Most of them, however, appear to fulfil a common function: to legitimise the prevailing developmental state narrative through their research. This is also the function that internal and associated think tanks in the U.S., Colombia and Chile fulfil.

However, think tanks carry out other functions, too. Orazio Bellettini and Melania Carrión, in a study of think tanks and political parties in Ecuador, explained that besides promoting evidence based policies and legitimising them, they also provide spaces for reflection and policy debate, develop the capacity of future cadres of policymakers and politicians, and, on occasions, channel funds into political parties or actors. Other authors have included auditing and educational functions. These functions overlap with those of political parties –and in many cases, with those of policy bodies within the formal state apparatus.

This overlap stems from the fact that they share a history together, that over the years they have been affected by and reacted to the same forces, and that the relation that we observe today is only a reflection of their current relative position to other political actors at the international, regional and national political contexts.

As in any history the relationship between think tanks and their environment, and therefore, the nature of the crowded middle, is in constant flux. For instance, New independent think tanks in China patronised by returning economists, business leader, high level political figures have emerged in the last decade. In Africa, funded by foreign donors, new research centres, NGOs and programmes have also appeared in the last decade to fill specific sectors with information, experience and advocacy.

Not everyone is well-connected

I hope to have been able to paint a picture of complex network or system of relations between research and policy actors that can easily expand enough to reach the most hard-core white-coat scientists on one extreme and the spin-doctors of the party-political apparatus on the other. (I could have possibly talked more about the roles of universities and private sector organisations but I did not want to extend this post too much). If these (formal and informal) relationships did not exist, political decision makers would be unable to respond to scientific advances –and we know that this is not the case: legislation on telecommunications, health policy, animal health decisions, etc. are all examples of areas where independent (or at dependent of the interests of others) scientific knowledge has influenced decisions at a fairly quick pace (for good or for bad).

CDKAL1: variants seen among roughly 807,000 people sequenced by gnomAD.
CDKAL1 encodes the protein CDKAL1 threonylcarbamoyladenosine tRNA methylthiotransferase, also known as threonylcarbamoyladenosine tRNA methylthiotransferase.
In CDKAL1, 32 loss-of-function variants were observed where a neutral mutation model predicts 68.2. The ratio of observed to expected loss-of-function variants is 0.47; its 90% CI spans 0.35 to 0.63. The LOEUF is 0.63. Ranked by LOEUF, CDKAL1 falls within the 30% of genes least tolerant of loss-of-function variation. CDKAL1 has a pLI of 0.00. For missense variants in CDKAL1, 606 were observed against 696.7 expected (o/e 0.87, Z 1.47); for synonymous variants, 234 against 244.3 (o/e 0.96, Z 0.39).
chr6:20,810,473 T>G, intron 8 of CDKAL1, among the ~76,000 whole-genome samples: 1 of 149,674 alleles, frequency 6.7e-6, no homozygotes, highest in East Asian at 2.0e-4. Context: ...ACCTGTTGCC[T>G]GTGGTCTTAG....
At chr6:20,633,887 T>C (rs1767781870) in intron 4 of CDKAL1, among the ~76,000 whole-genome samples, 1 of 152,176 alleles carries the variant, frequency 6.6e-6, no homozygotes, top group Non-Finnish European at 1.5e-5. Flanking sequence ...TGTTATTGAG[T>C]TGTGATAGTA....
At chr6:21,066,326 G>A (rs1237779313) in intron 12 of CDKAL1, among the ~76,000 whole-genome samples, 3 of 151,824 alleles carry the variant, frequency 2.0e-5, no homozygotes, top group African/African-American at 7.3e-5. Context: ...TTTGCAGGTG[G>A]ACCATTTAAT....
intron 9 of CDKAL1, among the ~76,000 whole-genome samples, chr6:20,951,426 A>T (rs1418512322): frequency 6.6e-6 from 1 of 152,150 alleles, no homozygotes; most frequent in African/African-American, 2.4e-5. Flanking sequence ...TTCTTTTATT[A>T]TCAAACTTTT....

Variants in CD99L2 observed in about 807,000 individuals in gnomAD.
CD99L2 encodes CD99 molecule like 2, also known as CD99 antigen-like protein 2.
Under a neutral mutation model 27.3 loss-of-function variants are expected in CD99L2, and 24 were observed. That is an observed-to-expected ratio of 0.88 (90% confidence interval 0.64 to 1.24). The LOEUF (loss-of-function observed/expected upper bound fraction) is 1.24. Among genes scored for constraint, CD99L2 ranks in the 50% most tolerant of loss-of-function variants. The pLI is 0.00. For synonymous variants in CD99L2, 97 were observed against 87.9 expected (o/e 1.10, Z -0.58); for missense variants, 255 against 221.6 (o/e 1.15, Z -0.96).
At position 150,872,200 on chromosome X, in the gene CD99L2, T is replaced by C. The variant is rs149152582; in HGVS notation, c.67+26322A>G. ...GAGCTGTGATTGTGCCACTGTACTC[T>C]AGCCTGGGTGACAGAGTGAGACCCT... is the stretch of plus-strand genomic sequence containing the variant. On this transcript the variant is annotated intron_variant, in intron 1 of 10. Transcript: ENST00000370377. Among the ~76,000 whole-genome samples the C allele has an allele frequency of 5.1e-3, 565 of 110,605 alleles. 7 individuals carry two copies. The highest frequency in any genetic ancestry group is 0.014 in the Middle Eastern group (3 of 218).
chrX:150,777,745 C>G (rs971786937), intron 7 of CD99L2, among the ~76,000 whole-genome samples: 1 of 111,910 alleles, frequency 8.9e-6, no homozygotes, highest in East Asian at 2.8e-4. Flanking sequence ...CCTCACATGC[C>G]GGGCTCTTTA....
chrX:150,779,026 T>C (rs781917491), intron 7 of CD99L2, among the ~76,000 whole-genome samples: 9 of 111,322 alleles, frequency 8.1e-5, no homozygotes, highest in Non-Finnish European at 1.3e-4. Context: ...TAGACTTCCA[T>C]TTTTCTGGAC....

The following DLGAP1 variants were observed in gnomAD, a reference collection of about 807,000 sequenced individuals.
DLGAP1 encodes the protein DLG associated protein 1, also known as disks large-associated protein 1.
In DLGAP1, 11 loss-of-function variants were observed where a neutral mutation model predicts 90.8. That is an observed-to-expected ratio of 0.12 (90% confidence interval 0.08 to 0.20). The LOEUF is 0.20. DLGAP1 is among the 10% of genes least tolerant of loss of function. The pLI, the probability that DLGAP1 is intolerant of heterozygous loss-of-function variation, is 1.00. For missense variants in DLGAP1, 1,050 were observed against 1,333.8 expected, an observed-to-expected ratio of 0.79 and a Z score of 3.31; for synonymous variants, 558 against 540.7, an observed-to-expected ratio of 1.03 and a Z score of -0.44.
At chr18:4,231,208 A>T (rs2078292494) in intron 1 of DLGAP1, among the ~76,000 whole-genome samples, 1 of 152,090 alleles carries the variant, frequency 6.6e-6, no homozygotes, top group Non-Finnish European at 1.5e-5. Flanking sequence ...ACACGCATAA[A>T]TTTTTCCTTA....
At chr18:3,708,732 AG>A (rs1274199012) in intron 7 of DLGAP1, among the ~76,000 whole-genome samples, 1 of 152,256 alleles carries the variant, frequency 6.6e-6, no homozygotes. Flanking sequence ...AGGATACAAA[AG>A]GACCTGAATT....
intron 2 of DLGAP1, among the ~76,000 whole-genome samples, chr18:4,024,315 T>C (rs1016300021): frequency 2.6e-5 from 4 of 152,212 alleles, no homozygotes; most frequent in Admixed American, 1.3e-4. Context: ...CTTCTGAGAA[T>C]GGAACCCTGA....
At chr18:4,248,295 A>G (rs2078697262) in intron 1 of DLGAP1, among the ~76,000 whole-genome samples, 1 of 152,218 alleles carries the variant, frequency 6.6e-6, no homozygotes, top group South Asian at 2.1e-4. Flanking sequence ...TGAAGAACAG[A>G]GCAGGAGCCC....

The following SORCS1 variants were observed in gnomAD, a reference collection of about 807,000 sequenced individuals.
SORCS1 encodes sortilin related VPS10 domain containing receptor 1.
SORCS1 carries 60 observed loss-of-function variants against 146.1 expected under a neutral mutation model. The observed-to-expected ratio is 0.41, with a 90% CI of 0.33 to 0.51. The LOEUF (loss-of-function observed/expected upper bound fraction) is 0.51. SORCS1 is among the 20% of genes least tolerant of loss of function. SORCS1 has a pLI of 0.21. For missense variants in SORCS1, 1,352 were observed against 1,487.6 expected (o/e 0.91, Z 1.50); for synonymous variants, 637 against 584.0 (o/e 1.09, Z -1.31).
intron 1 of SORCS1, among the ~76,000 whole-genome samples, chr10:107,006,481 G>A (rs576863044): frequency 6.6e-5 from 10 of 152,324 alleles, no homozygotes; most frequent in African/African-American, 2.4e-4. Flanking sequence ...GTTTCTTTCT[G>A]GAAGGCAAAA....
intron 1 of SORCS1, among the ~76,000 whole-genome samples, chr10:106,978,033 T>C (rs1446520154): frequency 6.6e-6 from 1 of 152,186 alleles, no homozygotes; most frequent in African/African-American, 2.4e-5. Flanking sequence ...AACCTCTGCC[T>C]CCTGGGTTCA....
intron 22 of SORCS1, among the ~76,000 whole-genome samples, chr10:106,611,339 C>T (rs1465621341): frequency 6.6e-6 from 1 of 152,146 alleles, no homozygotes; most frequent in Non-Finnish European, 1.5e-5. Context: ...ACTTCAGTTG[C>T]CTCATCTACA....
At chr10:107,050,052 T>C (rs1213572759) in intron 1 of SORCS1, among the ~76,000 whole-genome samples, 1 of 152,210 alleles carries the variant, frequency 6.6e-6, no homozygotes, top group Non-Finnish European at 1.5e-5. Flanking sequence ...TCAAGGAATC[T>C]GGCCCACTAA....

However, although the space between research and policy is crowded with players and relationships between them, not all researchers and policymakers are equally connected the other members of the system. And this is one of the reasons why the impression of a gap remains so strong still.

One of the RAPID programme’s most in-demand services is to support research centres and NGOs to develop policy influencing strategies. If there is one thing that can be said about most of the researchers and aid workers that we work with is that few of them (or hardly anyone) are sufficiently well-connected as to find our advice entirely useless. Some outliers who pass through our preparatory filters (or who are there as part of a broader programme and have little choice –and to whom I apologise- or because they are interested to find out more about this) but there is also  self-selection process that precedes our interventions. Researchers who belong to the technocratic networks and internal think tanks that I mentioned before, by and large, do not need our support. And others, at the top of their academic game, are probably already aware that their reputation alone can be far more effective than all the strategic planning we may be able to help them with. They may enjoy our support but it is unlikely to be game-changing.

One thing that these well-connected researchers know is that policymakers, and their advisors, do not just talk to anyone or read anything –regardless of how appealing the briefing paper cover might look or how savvy the internet strategy may be. They rely on their own networks to access and interpret information. This might not be always the case in more developed civil services where there are a number of formal mechanisms to facilitate this; but in many developing countries, often only informal channels are available –and trusted.